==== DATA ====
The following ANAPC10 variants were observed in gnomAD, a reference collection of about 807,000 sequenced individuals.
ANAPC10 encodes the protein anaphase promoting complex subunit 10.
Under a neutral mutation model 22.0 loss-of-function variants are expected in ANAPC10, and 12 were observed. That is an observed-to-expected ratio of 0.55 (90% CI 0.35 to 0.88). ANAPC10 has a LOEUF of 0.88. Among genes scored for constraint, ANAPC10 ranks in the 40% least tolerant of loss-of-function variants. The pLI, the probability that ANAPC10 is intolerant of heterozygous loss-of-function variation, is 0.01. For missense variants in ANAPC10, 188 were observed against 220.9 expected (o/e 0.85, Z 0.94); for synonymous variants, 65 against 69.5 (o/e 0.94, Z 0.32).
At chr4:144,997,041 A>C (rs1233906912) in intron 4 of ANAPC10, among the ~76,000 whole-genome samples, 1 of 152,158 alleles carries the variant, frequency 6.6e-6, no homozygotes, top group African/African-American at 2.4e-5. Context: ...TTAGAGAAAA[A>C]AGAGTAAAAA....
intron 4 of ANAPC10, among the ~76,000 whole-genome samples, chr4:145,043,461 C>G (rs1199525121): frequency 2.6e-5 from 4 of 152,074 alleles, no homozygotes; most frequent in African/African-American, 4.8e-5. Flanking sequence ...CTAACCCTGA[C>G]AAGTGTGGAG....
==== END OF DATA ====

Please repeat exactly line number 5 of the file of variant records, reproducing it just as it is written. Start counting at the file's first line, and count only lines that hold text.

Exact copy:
intron 4 of ANAPC10, among the ~76,000 whole-genome samples, chr4:145,043,461 C>G (rs1199525121): frequency 2.6e-5 from 4 of 152,074 alleles, no homozygotes; most frequent in African/African-American, 4.8e-5. Flanking sequence ...CTAACCCTGA[C>G]AAGTGTGGAG....